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For the past three years our friend, colleague, PhD. Candidate and Lewa Canada board member, Marc Dupis-Desormeaux, has been studying the wildlife activity at Lewa’s fence gaps together with the Research Department. The gaps allow for the passage of game between Lewa and its surrounding neighbours in communal and private lands. They are placed there to allow movement between important habitats in the northern Kenyan range lands. This is of particular importance to the community conservancies who are trying to build up stocks of wildlife as part of their role in conservation and wildlife tourism.


Unfortunately, however, fence gaps can also have unintended consequences and these are often difficult to predict. For example, the location where the gap is placed will also be a site of increased and predictable wildlife concentrations. Animals using the gaps may tend to use these passages at certain times of day and predators often cotton-on to this, targeting the gaps as places to get easy meals. Fast food for our feline friends! We need to ensure that the fence, put there for the protection of wildlife, is not also putting it at risk from the predators. Equally, by attracting predators to the fence gap, we may be inviting increased human wildlife conflict with the pastoral people living within a stones throw of the fence in communities like Leparua, Il Ngwesi and Lekurukki[ZD1] .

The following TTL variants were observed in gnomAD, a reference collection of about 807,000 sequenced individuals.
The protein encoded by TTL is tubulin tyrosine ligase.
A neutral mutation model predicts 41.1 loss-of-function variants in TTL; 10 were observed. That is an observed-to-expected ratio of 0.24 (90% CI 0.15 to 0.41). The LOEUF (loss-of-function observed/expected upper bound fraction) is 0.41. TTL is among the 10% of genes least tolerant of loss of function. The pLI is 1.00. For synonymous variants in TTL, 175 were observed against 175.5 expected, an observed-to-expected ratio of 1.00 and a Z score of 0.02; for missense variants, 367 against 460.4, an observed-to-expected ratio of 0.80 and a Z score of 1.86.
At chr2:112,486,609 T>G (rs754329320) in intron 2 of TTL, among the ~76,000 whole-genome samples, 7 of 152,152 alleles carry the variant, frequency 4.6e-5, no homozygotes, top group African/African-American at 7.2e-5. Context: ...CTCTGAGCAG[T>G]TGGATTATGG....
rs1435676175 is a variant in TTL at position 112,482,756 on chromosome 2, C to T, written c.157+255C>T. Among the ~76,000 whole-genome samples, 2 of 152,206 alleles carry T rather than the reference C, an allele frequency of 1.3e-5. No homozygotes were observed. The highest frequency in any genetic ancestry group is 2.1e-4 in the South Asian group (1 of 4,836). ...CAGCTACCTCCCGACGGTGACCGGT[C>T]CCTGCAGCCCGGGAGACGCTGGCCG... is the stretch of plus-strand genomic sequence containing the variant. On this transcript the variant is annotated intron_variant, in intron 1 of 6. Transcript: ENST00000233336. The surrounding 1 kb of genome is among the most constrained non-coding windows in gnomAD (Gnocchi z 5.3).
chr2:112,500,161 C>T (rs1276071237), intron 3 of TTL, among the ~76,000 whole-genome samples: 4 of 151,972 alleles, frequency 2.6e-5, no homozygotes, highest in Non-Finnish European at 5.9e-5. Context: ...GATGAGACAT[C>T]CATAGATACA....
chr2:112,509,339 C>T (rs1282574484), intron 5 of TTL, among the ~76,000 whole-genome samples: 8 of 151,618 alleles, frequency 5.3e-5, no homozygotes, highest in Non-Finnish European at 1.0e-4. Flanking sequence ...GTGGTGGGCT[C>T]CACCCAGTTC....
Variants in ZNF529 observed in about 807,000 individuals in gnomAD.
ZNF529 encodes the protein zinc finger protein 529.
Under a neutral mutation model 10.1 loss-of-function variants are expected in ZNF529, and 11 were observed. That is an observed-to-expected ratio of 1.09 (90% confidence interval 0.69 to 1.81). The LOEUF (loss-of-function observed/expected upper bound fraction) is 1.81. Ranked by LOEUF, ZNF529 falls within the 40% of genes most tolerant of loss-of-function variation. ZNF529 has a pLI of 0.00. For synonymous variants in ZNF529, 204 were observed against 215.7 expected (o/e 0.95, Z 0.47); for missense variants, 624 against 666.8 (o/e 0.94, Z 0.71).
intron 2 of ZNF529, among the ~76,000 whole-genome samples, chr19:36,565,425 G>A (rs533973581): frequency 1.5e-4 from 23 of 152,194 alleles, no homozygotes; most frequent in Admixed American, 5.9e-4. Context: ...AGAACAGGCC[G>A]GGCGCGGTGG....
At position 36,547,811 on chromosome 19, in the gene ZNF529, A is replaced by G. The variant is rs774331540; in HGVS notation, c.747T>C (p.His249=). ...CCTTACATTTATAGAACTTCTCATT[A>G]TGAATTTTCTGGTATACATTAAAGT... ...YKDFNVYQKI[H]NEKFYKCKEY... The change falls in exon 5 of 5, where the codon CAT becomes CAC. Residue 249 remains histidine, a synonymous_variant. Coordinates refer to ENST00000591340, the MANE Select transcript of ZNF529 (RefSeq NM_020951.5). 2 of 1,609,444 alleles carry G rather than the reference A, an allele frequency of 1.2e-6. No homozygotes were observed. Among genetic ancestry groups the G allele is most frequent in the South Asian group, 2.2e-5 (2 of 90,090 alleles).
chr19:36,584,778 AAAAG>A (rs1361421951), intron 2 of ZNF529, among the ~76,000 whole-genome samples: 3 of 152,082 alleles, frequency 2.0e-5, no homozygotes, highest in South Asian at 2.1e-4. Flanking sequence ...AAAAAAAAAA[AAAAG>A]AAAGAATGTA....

Happily however, Lewa’s fence gaps appear not to be part of this so-called Predator Trap phenomenon as Marc has been able to conclusively demonstrate in his study. Lewa’s fence gaps are highly utilised by all its wildlife and appear to be an essential part of their migratory patterns, but they are not creating artificial or unintended changes in predation.

Take a look at the attached poster Marc will be presenting to the Animal Behaviour Society conference this summer.


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